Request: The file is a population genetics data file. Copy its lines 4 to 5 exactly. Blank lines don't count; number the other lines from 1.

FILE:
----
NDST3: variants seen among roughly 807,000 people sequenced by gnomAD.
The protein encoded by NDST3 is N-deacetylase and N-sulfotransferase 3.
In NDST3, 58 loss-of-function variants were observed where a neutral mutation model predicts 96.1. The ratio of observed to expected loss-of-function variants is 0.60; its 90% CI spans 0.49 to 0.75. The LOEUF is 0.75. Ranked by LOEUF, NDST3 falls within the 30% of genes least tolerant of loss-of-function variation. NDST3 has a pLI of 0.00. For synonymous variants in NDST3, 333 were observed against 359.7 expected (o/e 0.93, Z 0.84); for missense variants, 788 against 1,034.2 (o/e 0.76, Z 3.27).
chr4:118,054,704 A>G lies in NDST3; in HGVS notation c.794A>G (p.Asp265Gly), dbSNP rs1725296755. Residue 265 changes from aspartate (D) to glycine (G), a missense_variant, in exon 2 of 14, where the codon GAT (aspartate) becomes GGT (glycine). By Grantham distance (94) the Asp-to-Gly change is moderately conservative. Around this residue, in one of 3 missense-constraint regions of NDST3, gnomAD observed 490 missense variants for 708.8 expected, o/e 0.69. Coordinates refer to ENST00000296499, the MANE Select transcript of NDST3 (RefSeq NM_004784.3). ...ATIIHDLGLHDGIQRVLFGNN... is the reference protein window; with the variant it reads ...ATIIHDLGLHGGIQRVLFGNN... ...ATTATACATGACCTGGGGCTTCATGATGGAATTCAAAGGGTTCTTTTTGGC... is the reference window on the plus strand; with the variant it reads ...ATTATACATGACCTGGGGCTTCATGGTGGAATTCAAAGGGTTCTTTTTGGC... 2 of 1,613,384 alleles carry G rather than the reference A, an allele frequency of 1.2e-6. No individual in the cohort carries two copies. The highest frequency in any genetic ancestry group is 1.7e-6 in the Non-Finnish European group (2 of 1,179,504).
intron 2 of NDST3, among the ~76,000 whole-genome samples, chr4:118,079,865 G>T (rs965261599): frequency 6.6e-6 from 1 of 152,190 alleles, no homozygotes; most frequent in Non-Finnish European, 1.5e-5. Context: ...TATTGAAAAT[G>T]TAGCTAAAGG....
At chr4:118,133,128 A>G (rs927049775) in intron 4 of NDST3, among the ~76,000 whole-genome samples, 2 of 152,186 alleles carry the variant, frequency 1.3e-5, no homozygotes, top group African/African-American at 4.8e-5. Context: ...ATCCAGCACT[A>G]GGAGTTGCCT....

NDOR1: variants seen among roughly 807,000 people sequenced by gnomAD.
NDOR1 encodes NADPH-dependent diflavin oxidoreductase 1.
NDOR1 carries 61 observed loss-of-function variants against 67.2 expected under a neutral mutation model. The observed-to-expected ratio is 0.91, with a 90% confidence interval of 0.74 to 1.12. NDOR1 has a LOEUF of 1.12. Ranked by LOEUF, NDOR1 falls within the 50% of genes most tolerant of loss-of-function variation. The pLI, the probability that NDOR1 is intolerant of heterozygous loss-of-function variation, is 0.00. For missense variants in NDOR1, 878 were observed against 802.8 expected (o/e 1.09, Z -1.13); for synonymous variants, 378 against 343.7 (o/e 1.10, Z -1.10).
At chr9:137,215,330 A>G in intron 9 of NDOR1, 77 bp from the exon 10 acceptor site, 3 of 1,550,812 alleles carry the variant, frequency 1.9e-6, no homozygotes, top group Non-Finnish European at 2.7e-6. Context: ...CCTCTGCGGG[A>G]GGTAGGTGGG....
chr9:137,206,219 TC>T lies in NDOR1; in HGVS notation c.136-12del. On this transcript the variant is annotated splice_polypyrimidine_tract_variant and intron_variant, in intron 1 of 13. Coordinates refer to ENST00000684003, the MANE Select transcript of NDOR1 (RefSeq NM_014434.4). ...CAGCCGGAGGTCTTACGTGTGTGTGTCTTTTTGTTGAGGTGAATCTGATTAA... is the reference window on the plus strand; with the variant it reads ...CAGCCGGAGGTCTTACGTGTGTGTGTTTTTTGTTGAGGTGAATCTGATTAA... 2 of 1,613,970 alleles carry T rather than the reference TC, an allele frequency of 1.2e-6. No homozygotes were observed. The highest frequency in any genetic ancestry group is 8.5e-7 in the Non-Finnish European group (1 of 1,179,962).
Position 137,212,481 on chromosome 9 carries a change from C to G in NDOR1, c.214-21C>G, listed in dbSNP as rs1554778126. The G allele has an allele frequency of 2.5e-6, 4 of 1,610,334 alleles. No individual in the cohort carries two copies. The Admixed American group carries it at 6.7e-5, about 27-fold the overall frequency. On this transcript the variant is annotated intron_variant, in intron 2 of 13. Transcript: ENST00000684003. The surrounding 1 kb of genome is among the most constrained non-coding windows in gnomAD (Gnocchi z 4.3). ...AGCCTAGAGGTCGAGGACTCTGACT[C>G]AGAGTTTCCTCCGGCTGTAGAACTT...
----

chr4:118,054,704 A>G lies in NDST3; in HGVS notation c.794A>G (p.Asp265Gly), dbSNP rs1725296755. Residue 265 changes from aspartate (D) to glycine (G), a missense_variant, in exon 2 of 14, where the codon GAT (aspartate) becomes GGT (glycine). By Grantham distance (94) the Asp-to-Gly change is moderately conservative. Around this residue, in one of 3 missense-constraint regions of NDST3, gnomAD observed 490 missense variants for 708.8 expected, o/e 0.69. Coordinates refer to ENST00000296499, the MANE Select transcript of NDST3 (RefSeq NM_004784.3). ...ATIIHDLGLHDGIQRVLFGNN... is the reference protein window; with the variant it reads ...ATIIHDLGLHGGIQRVLFGNN... ...ATTATACATGACCTGGGGCTTCATGATGGAATTCAAAGGGTTCTTTTTGGC... is the reference window on the plus strand; with the variant it reads ...ATTATACATGACCTGGGGCTTCATGGTGGAATTCAAAGGGTTCTTTTTGGC... 2 of 1,613,384 alleles carry G rather than the reference A, an allele frequency of 1.2e-6. No individual in the cohort carries two copies. The highest frequency in any genetic ancestry group is 1.7e-6 in the Non-Finnish European group (2 of 1,179,504).
intron 2 of NDST3, among the ~76,000 whole-genome samples, chr4:118,079,865 G>T (rs965261599): frequency 6.6e-6 from 1 of 152,190 alleles, no homozygotes; most frequent in Non-Finnish European, 1.5e-5. Context: ...TATTGAAAAT[G>T]TAGCTAAAGG....